I GREW UP WITHIN the sound of the sea, but it was seldom the same sea for long. In the way of naval families of my generation, we were forever packing up to follow father, and our travelling was always by sea. Before I was ten I had crossed the Equator three times, I had sailed the Atlantic, the Pacific and the Indian Oceans, I had watched the Pitcairn Islanders pulling off from their little beach, and landed through the surf myself at St Helena. I had seen tropical storms and waterspouts, I was familiar with flying fishes and porpoises, and I had glimpsed the white back of a new-born sperm whale spouting. In one house there were penguins at the bottom of my garden, and from another I could see the blue hills of China across the bay. When I was twenty I had moved house more than once for every year of my age. A curious or imaginative child would no doubt have been stimulated, but I took it all for granted. Even when I went away to school, I found myself among boys most of whom came from service or diplomatic families.
Not until I reached university did it dawn on me that there were people who had lived all their lives in settled communities, who had grown up in the same place and with the same friends. My childhood gave me an abiding enthusiasm for ships, especially warships. I came to collect books and facts about them. Other boys went for stamps or railway engines, but I collected warships. Jane's Fighting Ships was my favourite reading, and nourished my appetite for naval facts and naval technology. History was scarcely present in all this. At school it (and, for some reason, biology) were the only subjects that I did not fail altogether, but this was a modest claim. I had eccentric, memorable and even, in a few cases, good history teachers, but only a series of improbable accidents led to my going to university.
Oxford was an intellectual revelation, but it was breadth that attracted me rather than depth. I could go to any lecture I pleased: Tolkien on the Viking sagas, Sir Roger Mynors on Virgil's Eclogues, illuminated manuscripts, explosives--I absorbed them all. Occasionally I even went to history lectures.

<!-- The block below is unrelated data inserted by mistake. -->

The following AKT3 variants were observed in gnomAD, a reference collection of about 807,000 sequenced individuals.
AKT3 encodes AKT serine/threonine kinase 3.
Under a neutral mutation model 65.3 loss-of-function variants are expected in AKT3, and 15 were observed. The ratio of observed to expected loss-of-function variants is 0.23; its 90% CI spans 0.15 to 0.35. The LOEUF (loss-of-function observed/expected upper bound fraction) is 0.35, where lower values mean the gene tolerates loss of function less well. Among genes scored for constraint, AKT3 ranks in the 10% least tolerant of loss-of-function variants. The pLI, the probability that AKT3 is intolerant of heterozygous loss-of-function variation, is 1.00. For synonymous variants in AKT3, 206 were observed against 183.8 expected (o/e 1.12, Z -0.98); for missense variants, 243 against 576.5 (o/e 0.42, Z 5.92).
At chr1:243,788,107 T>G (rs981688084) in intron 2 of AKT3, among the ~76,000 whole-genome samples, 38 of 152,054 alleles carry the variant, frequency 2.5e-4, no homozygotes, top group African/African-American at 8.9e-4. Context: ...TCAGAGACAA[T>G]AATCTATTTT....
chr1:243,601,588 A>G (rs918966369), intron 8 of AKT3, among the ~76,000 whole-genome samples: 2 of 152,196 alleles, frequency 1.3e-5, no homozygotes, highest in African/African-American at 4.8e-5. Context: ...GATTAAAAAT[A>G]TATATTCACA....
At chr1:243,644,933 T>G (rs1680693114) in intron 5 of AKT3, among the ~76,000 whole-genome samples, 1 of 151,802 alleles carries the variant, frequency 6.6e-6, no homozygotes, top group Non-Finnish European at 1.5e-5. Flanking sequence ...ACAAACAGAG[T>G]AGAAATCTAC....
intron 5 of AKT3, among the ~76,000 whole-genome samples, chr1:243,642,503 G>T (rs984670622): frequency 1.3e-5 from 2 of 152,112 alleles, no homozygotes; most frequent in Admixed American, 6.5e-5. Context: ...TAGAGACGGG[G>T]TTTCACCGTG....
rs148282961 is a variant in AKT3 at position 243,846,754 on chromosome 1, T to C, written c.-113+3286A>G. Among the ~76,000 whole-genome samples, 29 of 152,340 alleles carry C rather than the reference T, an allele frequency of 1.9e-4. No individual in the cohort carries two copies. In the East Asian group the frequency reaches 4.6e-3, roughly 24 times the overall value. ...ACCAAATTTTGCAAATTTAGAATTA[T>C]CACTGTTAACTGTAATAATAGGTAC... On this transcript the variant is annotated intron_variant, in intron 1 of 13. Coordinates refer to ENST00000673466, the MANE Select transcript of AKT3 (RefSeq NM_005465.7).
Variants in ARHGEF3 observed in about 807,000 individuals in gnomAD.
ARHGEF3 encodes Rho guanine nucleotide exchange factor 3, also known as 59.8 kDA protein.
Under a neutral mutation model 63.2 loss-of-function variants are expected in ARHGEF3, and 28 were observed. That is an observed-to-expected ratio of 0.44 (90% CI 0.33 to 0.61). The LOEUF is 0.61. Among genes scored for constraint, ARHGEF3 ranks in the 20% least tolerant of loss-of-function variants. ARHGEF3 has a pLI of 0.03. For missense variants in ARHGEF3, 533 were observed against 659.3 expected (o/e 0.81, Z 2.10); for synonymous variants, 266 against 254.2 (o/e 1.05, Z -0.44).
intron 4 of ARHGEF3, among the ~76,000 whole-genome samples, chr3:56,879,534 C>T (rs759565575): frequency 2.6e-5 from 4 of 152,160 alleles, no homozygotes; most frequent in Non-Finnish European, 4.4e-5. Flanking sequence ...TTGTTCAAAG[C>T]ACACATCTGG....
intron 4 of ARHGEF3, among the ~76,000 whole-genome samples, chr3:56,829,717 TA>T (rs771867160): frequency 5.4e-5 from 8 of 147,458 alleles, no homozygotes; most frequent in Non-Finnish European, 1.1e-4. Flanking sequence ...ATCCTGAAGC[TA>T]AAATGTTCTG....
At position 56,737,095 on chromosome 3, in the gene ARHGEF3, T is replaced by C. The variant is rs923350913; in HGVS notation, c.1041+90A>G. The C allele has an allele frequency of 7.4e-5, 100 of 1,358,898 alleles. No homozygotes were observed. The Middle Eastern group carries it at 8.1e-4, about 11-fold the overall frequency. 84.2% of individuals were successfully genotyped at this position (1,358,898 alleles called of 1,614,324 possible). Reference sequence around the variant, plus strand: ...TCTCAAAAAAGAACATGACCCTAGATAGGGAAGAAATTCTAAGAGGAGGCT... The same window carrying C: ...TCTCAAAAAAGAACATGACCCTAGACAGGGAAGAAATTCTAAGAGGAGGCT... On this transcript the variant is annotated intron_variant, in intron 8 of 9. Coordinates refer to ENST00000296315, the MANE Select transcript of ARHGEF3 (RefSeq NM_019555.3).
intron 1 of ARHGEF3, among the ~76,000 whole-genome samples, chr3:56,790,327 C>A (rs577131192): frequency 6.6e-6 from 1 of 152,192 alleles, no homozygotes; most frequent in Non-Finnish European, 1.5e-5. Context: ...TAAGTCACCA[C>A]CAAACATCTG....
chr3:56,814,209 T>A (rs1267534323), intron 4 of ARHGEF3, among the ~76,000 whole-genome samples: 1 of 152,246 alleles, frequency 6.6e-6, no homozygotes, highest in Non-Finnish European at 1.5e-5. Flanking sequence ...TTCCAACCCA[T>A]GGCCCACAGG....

Discovering that I was expected to be able to read Latin for my course, I bought a dictionary and a copy of the Vulgate, and read it from beginning to end. I taught myself the elements of Greek in my final term when I got bored with revision. I discovered music, and at one time was singing in six choirs at once. In the midst of all this, my childhood enthusiasm for ships began to mature into a real interest in the history of the sea, and of the Navy in particular. Once or twice an indulgent tutor allowed me to write an essay on naval history. I was not, however, an outstanding scholar. No one thought I would get a First, nor did I. I was an entire stranger to the thoughts and ambitions of my clever contemporaries who were destined for academic careers.
By the time I finished my undergraduate days, however, I did have a confirmed passion for naval history, and with some borrowed money I stayed on to do a doctorate. My subject was the late nineteenth-century Admiralty. I wanted to discover if British cruisers had been built in response to strategic ideas; to relate intellectual currents, policy and planning to the technicalities of naval architecture. It was an eccentric approach to an utterly unfashionable subject--but Oxford was tolerant of eccentricity, and in those days it was not thought necessary for a supervisor to know anything about his pupils' research. Had I been clever, someone would have told me, had I been ambitious I would have discovered for myself that to make a university career I should have studied a fashionable subject with a rising academic star. Instead I pleased myself in contented obscurity.
When I finished my doctorate in 1974, the university expansion boom was over, and it was at once evident that there were no jobs there for marginal candidates and marginal subjects. …